At the start of the decade, long-standing trends in American television were finally reaching the end of the road. The Red Skelton Show and The Ed Sullivan Show, long-revered American institutions, were finally canceled after multi-decade spans. The “family sitcom”, popularized by the travails of Ozzie and Harriet Nelson in the 1950s and 1960s, saw its last breath at the start of the new decade with The Brady Bunch, which ran for five seasons. Although the show was never highly rated during its original run, it has been broadcast in syndication continuously since 1974, and many children have grown up with it, causing them to think of the Bradys as the quintessential family — not only in 1970s television, but quite possibly all of American television. In the early 1970s the high concept sitcoms like I Dream of Jeannie and Bewitched began to lose American interest with I Dream of Jeannie ending its run in 1970 and Bewitched ending in 1972.
In 1976 Saturday Night Live, Good Morning America and Wheel of Fortune premiere; Sony introduces the Betamax, a home video tape recorder; Fawlty Towers premieres in Britain on BBC2.
The top ten highest-grossing films of the decade are (in order from highest to lowest grossing): Star Wars, Jaws, Grease, The Exorcist, Close Encounters of the Third Kind, Superman, The Godfather, Saturday Night Fever, Rocky, and Jaws 2. Two of these movies came out on the same day, June 16, 1978.
In 1971 All in the Family premieres. Open University broadcasts begin on the BBC. John Chancellor becomes the sole anchor of the NBC Nightly News.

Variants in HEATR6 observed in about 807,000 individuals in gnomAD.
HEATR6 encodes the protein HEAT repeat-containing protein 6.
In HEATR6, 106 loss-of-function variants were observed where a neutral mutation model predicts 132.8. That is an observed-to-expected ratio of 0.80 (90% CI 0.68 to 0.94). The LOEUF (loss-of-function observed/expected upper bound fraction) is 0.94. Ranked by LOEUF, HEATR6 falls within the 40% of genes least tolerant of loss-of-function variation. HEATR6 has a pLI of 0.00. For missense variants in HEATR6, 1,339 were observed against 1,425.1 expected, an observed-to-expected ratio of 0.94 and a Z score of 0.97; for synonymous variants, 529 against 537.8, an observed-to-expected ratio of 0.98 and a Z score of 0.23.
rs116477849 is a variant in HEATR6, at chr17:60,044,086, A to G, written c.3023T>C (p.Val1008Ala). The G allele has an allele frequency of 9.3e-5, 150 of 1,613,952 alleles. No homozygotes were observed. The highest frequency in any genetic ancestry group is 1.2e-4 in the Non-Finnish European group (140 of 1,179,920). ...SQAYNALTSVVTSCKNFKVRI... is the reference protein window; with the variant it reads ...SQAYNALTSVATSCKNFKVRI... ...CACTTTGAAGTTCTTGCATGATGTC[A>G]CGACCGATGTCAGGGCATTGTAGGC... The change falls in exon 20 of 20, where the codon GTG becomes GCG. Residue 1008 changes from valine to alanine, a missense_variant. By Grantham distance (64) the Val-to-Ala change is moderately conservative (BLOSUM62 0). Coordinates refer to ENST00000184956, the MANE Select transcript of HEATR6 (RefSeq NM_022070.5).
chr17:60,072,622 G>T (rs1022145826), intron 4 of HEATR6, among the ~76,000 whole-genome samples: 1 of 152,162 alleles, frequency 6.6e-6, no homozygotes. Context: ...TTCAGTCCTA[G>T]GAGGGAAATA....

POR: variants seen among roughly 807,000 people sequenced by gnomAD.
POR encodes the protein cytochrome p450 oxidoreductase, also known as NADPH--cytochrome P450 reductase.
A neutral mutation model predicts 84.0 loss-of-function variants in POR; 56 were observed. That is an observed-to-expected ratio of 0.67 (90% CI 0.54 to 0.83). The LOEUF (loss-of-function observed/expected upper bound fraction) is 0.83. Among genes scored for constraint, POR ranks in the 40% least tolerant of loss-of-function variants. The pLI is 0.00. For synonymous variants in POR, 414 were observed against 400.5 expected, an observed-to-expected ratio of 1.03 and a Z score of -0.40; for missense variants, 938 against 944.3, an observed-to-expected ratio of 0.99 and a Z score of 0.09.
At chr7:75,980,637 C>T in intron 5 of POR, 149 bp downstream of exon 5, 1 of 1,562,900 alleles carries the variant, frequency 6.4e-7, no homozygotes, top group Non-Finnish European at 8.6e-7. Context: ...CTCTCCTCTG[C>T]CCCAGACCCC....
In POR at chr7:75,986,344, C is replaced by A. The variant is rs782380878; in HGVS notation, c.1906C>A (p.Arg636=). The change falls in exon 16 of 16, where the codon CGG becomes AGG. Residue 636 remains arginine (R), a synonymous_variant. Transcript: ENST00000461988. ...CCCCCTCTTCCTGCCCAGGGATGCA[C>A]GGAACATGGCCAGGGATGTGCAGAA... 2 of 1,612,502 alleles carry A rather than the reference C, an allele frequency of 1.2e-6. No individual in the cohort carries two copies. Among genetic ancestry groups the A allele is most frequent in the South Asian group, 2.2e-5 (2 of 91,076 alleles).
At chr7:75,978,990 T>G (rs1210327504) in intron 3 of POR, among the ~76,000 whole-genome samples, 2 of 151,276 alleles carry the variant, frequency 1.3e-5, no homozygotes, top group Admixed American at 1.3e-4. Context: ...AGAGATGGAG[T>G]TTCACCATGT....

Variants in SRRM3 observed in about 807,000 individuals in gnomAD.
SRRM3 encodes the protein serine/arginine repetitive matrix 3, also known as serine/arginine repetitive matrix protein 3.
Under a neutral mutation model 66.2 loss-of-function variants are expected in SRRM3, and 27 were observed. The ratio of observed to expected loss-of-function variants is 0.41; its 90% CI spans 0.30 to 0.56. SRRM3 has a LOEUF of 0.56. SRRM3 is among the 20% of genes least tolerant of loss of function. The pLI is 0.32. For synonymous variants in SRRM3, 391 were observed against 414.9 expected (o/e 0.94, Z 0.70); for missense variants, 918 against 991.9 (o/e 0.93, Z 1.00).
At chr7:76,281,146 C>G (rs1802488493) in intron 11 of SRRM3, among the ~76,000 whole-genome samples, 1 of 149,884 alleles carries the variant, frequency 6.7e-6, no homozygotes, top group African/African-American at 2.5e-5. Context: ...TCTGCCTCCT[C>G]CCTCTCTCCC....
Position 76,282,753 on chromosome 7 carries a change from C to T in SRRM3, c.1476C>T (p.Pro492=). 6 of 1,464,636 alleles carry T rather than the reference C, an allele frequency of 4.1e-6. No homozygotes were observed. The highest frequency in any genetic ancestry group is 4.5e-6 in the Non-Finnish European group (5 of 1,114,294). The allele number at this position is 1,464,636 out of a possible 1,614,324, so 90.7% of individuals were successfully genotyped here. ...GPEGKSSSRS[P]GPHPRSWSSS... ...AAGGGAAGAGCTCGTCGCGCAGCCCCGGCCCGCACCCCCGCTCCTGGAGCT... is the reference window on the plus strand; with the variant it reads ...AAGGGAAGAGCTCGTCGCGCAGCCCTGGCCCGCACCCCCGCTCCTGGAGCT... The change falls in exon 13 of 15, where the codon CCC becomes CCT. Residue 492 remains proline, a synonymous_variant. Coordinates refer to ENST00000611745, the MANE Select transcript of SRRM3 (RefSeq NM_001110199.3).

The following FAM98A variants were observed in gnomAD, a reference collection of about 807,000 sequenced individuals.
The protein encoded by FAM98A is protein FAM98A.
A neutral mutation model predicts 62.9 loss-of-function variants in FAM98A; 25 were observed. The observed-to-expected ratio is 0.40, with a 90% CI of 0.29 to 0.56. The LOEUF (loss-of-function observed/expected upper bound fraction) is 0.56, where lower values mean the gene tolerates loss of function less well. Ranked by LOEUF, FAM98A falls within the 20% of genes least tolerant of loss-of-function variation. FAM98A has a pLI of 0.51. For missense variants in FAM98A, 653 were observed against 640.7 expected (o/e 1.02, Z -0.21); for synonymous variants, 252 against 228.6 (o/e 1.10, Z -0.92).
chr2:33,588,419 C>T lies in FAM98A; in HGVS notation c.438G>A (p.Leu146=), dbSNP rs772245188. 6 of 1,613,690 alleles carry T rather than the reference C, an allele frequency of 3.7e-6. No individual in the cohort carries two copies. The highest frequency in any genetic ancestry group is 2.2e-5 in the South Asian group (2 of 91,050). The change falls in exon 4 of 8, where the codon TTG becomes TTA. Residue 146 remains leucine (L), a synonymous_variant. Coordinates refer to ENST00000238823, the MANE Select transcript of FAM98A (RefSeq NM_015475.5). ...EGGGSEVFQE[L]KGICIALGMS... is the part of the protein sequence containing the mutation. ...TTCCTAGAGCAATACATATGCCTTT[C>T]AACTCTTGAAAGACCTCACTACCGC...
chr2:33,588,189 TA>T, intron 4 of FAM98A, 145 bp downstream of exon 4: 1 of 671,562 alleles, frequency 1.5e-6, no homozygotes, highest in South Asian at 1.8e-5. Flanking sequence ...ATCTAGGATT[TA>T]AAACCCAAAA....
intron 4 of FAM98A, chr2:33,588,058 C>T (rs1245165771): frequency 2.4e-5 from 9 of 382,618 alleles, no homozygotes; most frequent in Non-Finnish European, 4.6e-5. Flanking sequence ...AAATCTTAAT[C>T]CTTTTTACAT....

The Twenty-sixth Amendment to the United States Constitution was ratified on July 1, 1971, lowering the voting age for all federal and state elections from 21 years to 18 years. The primary impetus for this change was the fact that young men were being drafted to fight in the Vietnam War before they were old enough to vote.
In 1978 Dallas paves the way for the return of prime time soaps in the United States. Abarembo Shogun begins 25-year run in Japan. Grange Hill premieres on BBC1 in the United Kingdom.
In 1973 Large-screen projection color TVs hit the market in the USA. The Young and the Restless, Match Game and Pyramid begin hugely successful daytime TV runs. Last of the Summer Wine premieres on BBC1.
In 1972 M*A*S*H and Bob Barker’s The Price Is Right debut; Home Box Office becomes first pay-TV channel. Emmerdale Farm (now just called Emmerdale) premieres on ITV in the UK.
Oscar winners of the decade were Patton (1970), The French Connection (1971), The Godfather (1972), The Sting (1973), The Godfather Part II (1974), One Flew Over the Cuckoo’s Nest (1975), Rocky (1976), Annie Hall (1977), The Deer Hunter (1978), and Kramer vs. Kramer (1979).
On November 28, 1979, Air New Zealand Flight 901 crashed on the flanks of Mount Erebus in Antarctica, killing all 257 people on board.